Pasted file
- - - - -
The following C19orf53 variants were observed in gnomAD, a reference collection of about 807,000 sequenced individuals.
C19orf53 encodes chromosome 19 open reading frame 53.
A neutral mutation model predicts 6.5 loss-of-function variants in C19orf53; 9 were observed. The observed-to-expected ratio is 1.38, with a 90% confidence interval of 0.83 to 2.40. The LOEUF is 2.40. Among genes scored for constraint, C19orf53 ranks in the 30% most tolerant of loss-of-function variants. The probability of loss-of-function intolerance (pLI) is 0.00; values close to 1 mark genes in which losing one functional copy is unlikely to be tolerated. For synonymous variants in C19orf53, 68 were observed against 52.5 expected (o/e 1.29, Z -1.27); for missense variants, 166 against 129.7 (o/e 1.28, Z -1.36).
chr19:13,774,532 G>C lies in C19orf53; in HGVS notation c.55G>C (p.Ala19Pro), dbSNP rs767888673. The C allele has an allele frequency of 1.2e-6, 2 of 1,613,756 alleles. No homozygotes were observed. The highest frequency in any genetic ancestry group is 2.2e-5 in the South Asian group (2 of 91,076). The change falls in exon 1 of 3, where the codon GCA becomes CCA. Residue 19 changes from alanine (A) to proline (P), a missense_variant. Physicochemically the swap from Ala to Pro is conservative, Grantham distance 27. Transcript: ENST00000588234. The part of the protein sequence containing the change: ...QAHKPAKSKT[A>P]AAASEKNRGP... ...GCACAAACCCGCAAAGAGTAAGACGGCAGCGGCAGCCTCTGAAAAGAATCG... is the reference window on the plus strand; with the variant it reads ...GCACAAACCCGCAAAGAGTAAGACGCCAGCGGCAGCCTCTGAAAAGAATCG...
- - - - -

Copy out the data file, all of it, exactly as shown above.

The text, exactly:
The following C19orf53 variants were observed in gnomAD, a reference collection of about 807,000 sequenced individuals.
C19orf53 encodes chromosome 19 open reading frame 53.
A neutral mutation model predicts 6.5 loss-of-function variants in C19orf53; 9 were observed. The observed-to-expected ratio is 1.38, with a 90% confidence interval of 0.83 to 2.40. The LOEUF is 2.40. Among genes scored for constraint, C19orf53 ranks in the 30% most tolerant of loss-of-function variants. The probability of loss-of-function intolerance (pLI) is 0.00; values close to 1 mark genes in which losing one functional copy is unlikely to be tolerated. For synonymous variants in C19orf53, 68 were observed against 52.5 expected (o/e 1.29, Z -1.27); for missense variants, 166 against 129.7 (o/e 1.28, Z -1.36).
chr19:13,774,532 G>C lies in C19orf53; in HGVS notation c.55G>C (p.Ala19Pro), dbSNP rs767888673. The C allele has an allele frequency of 1.2e-6, 2 of 1,613,756 alleles. No homozygotes were observed. The highest frequency in any genetic ancestry group is 2.2e-5 in the South Asian group (2 of 91,076). The change falls in exon 1 of 3, where the codon GCA becomes CCA. Residue 19 changes from alanine (A) to proline (P), a missense_variant. Physicochemically the swap from Ala to Pro is conservative, Grantham distance 27. Transcript: ENST00000588234. The part of the protein sequence containing the change: ...QAHKPAKSKT[A>P]AAASEKNRGP... ...GCACAAACCCGCAAAGAGTAAGACGGCAGCGGCAGCCTCTGAAAAGAATCG... is the reference window on the plus strand; with the variant it reads ...GCACAAACCCGCAAAGAGTAAGACGCCAGCGGCAGCCTCTGAAAAGAATCG...